N1s is relatively more intense after in situ deposition of PPy (Fig. 2, PPy/Pap) whereas a prominent Ag3d doublet is noticed after the in-situ deposition of zero valent silver nanoparticles on top of the PPy/Pap substrate. The high resolution Ag3d doublet is shown in inset of Fig. 2 indicates indeed a binding energy position of 368.3 eV for the Ag3d5/2 peak, in line with zero valent metal nanoparticles.
The C/N ratio was found to decrease in the order paper (82.4) > PPy/Pap (17.9) ~ AgNPs-PPy/Pap (18.2). This trend parallels the observation of black polypyrrole with the naked eye. It also indicates that the PPy/Pap substrate retains its C/N ratio after in situ silver deposition. Note, however, that the C/N exceeds the theoretical value of 4 for bulk polypyrrole and ~ 5 for the surface composition of polypyrrole (Beamson et al 1993). This indicates that the paper substrate is detected through the continuous PPy coating.
Figure 3 compares the narrow C1s regions from paper, PPy/Pap (1h) and AgNPs-PPy/Pap samples. Interestingly, the C1s region of the pristine paper sample is characteristic of a cellulosic substrate in that it has a prominent C-O component at ~ 286.7 eV and a second component at 288 eV due to acetal carbon type. The intense C-C/C-H C1s component is frequently observed on “real” cellulosic materials, industrially processed. The very last component at ~ 289 eV is due to carboxylic type carbon atoms, also noted by Beamson and Briggs (Omastová et al 2005).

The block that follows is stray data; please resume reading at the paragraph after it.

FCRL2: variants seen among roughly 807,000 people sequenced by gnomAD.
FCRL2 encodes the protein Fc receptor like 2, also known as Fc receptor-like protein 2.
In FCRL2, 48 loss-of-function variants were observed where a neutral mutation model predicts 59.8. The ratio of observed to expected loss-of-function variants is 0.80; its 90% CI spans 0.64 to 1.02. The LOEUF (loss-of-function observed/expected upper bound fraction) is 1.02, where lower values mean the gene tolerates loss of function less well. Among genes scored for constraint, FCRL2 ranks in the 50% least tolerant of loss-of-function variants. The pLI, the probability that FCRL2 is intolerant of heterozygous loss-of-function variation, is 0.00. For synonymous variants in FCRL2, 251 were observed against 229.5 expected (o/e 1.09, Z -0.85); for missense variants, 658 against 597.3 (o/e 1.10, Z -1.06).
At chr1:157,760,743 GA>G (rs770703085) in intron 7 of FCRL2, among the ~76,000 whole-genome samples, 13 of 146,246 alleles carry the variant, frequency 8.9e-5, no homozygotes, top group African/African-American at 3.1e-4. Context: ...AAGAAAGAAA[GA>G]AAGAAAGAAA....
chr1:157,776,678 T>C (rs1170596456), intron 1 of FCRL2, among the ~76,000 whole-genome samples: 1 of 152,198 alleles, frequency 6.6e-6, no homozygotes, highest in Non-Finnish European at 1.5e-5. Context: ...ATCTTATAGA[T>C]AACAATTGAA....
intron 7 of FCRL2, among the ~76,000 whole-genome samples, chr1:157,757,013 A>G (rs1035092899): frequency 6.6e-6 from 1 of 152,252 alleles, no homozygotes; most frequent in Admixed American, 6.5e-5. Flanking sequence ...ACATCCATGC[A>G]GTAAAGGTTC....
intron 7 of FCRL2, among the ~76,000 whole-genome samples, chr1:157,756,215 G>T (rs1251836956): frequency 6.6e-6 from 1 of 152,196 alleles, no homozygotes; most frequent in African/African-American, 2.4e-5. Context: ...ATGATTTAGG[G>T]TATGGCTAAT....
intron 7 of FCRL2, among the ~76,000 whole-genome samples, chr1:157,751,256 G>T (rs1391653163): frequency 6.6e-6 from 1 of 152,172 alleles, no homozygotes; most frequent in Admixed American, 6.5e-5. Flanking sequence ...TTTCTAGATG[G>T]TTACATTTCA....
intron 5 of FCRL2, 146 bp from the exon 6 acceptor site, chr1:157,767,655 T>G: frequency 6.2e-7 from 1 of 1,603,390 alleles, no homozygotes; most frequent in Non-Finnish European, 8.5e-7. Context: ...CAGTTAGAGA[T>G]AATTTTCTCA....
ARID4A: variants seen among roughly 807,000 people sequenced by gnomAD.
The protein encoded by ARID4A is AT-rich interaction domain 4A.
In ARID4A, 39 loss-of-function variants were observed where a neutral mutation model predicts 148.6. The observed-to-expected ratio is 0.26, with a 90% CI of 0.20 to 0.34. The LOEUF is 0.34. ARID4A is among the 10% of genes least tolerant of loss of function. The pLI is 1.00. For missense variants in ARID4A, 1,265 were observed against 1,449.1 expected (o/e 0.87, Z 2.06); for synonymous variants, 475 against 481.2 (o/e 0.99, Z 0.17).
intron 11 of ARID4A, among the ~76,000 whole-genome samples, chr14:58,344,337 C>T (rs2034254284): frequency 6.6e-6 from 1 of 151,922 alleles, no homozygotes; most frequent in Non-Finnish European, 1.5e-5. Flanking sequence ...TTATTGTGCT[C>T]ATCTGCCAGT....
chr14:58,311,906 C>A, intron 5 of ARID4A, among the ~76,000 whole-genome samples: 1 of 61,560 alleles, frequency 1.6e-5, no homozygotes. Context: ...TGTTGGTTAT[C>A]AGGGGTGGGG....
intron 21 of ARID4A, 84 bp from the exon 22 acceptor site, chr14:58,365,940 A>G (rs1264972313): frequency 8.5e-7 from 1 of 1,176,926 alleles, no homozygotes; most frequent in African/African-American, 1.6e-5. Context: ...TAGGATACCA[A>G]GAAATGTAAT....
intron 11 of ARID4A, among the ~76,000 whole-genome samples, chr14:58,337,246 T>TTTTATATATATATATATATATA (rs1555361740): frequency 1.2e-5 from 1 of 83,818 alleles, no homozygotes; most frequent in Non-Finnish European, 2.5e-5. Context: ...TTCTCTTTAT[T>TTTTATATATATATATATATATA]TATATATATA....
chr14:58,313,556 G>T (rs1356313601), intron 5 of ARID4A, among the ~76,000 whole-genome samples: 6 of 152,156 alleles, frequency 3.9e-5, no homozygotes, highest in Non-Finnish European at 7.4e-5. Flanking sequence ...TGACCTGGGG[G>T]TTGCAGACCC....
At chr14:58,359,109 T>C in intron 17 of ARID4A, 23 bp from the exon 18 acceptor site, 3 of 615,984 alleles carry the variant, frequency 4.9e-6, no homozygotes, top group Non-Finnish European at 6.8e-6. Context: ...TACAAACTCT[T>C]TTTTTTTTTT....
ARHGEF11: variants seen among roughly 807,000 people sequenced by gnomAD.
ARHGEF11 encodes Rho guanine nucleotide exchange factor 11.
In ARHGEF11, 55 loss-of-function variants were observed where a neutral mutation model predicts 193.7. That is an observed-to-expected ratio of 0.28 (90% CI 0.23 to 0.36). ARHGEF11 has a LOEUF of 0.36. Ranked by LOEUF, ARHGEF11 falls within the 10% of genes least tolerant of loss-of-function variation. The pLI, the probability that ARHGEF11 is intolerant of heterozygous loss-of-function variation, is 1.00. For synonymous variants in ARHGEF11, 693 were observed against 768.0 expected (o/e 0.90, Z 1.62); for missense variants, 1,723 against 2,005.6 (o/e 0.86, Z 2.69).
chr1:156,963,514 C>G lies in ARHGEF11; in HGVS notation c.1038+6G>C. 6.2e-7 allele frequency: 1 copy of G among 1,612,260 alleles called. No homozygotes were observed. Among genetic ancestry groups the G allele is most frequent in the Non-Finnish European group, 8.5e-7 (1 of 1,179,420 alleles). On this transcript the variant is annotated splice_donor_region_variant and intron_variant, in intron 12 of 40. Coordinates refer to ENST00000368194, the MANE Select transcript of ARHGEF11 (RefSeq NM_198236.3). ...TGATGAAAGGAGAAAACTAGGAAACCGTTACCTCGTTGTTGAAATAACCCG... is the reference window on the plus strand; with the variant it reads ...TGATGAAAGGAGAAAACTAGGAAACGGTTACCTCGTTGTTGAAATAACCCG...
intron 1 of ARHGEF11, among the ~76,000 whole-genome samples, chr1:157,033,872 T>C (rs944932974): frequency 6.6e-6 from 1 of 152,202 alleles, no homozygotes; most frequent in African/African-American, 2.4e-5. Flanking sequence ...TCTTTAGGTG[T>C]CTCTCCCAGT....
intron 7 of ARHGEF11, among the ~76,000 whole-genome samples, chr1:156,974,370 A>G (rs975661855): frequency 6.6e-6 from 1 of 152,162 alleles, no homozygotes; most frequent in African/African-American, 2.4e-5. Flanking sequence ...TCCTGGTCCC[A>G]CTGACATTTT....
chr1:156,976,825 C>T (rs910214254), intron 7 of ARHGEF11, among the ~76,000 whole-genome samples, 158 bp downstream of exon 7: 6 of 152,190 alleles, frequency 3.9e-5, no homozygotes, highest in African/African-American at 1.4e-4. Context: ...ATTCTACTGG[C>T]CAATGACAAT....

For AgNPs-PPy/Pap sample, the fine structure of the C1s region is drastically changed: the peak is broad, and tailing. It also exhibits a subtle increase in the baseline at high binding energy side, which markedly differs from the rather flat background of the paper C1s peak in the case of the paper substrate. This step below the peak maximum is actually invariably noticed in the case of polypyrrole surfaces (Boukerma et al 2007).
Interestingly, the C1s narrow region from PPy(1h)/Pap sample has a shape that resembles that of the underlying paper, with a narrow C-C/C-H component, together with an intense C-O C1s component at ~ 286.5 eV. Although slight peak broadening can be noticed, obviously the 1h deposition time is not sufficient to have a polypyrrole coating with a C1s feature that is shaped like that of pure polypyrrole. This is one reason why in this work, we have spent time and effort tuning the deposition conditions for polypyrrole and Ag. Interestingly, despite a high C/N atomic ratio, the C1s narrow region heavily reflects the C1s shape for pure polypyrrole and that the shape observed for the cellulosic paper starts to be screened by that of polypyrrole.